The toaster, a four-slice Sunbeam we’ve had for years, was white, and it stuck out in our kitchen like a Latvian in the NBA.  Still,  if he averages 20+ points a game…..

Our toaster was like that.  We were able to overlook its one obvious anomaly because it performed so well. 

Then it started missing free throws.

First the little release button for the right side toast quit working.  No problem – I never knew why it had that button anyway, many toasters don’t. 

Then the right side  quit locking down when you pushed the lever down to make toast.  You could still make two pieces of toast on the left, but the whole point of having a four-slice toaster was lost.


We were in Target on Friday, with a Gift Card burning a hole in my pocket, when we found this toaster on sale.


It’s black – it’ll match our decor!

It’s on sale – with the Gift Card, we’ll can get it for free!

Grabbed it and headed home.

The operator’s instructions said to run it empty to burn off any dust, etc. before trying to make toast.  We did, and the right side wouldn’t latch down! 

I took it back yesterday, and they only had one more on the shelf.  I explained to the lady at the customer service counter that it was a forty mile round trip so I would like to test it before I took it home.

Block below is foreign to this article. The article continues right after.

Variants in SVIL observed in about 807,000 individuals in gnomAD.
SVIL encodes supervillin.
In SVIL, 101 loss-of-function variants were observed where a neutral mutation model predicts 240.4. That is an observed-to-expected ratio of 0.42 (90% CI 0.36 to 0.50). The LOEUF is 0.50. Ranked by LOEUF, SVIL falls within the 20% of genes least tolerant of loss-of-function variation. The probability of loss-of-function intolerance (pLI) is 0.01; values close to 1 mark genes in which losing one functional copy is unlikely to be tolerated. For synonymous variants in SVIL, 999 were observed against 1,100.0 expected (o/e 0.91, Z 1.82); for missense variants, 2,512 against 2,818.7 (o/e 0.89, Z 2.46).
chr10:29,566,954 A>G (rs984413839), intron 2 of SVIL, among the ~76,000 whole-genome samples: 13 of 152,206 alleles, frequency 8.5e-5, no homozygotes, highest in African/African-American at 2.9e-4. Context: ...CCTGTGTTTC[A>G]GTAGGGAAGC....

The only available outlet was where they charge electric shopping carts, so I sat on the floor in the store entrance and plugged it in.  The right side did not want to latch on that one either.

There were no other black, four-slice toasters available, so I settled on this:


It’s an Oster brand, stainless steel with a black base, knobs, buttons and levers, so I decided that it matches well enough.  It offers features I didn’t know were available on a toaster, and it actually works.

Of course, there was a difference in price, so our free toaster ended up costing us $22 – and an extra trip to the store.

Sunday, July 29, 2012

Insult, Part 2

One week ago yesterday, I posted  "Adding Insult to Injury", a rant about the double taxation on tobacco.  This morning I received a comment on that post that was so well done I decided to repost is here.  After all, I doubt that even my most faithful followers go back to look for comments.

The author was anonymous.  I wish I knew who he was so I could thank him personally.  I do wish him well.

Here is what he had to say: 
I guess I have side stepped this situation when I was diagnosed with lung cancer in 2003. I had my first cigarette when I was 14 years old and my last cigarette at 56. Quitting two weeks before my scheduled surgery, I smoked all the way up till midnight and put it out. We have 5 sections of our lungs, 2 on our left and 3 on our right. I had the top section of my right lung removed.